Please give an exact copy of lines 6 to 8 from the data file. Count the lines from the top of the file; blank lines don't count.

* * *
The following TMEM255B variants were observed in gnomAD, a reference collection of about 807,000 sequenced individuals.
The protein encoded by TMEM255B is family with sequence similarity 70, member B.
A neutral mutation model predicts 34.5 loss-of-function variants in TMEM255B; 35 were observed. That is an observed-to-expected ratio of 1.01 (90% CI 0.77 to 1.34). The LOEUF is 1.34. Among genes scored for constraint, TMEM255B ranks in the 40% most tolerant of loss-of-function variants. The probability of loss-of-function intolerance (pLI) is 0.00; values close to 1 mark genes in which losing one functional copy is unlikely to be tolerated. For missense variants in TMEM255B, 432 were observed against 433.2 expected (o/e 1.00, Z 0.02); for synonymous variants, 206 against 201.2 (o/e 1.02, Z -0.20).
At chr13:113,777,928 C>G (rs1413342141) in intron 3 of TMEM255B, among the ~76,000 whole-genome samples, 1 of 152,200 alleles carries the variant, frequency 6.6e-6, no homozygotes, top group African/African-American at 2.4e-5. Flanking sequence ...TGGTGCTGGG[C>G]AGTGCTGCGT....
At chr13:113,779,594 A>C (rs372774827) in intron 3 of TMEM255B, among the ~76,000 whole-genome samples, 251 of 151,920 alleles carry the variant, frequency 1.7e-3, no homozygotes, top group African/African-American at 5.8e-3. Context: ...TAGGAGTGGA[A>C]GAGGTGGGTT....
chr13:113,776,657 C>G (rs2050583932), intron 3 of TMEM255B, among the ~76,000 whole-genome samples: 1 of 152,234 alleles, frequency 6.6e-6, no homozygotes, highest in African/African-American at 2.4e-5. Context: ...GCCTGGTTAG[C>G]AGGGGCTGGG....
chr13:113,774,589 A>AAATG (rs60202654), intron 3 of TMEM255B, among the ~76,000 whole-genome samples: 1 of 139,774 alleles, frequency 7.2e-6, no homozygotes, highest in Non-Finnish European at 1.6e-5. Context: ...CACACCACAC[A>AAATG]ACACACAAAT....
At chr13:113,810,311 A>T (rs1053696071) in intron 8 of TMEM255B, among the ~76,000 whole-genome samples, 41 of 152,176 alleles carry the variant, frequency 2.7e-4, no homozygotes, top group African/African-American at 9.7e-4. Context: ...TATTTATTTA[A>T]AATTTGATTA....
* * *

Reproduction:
chr13:113,776,657 C>G (rs2050583932), intron 3 of TMEM255B, among the ~76,000 whole-genome samples: 1 of 152,234 alleles, frequency 6.6e-6, no homozygotes, highest in African/African-American at 2.4e-5. Context: ...GCCTGGTTAG[C>G]AGGGGCTGGG....
chr13:113,774,589 A>AAATG (rs60202654), intron 3 of TMEM255B, among the ~76,000 whole-genome samples: 1 of 139,774 alleles, frequency 7.2e-6, no homozygotes, highest in Non-Finnish European at 1.6e-5. Context: ...CACACCACAC[A>AAATG]ACACACAAAT....
At chr13:113,810,311 A>T (rs1053696071) in intron 8 of TMEM255B, among the ~76,000 whole-genome samples, 41 of 152,176 alleles carry the variant, frequency 2.7e-4, no homozygotes, top group African/African-American at 9.7e-4. Context: ...TATTTATTTA[A>T]AATTTGATTA....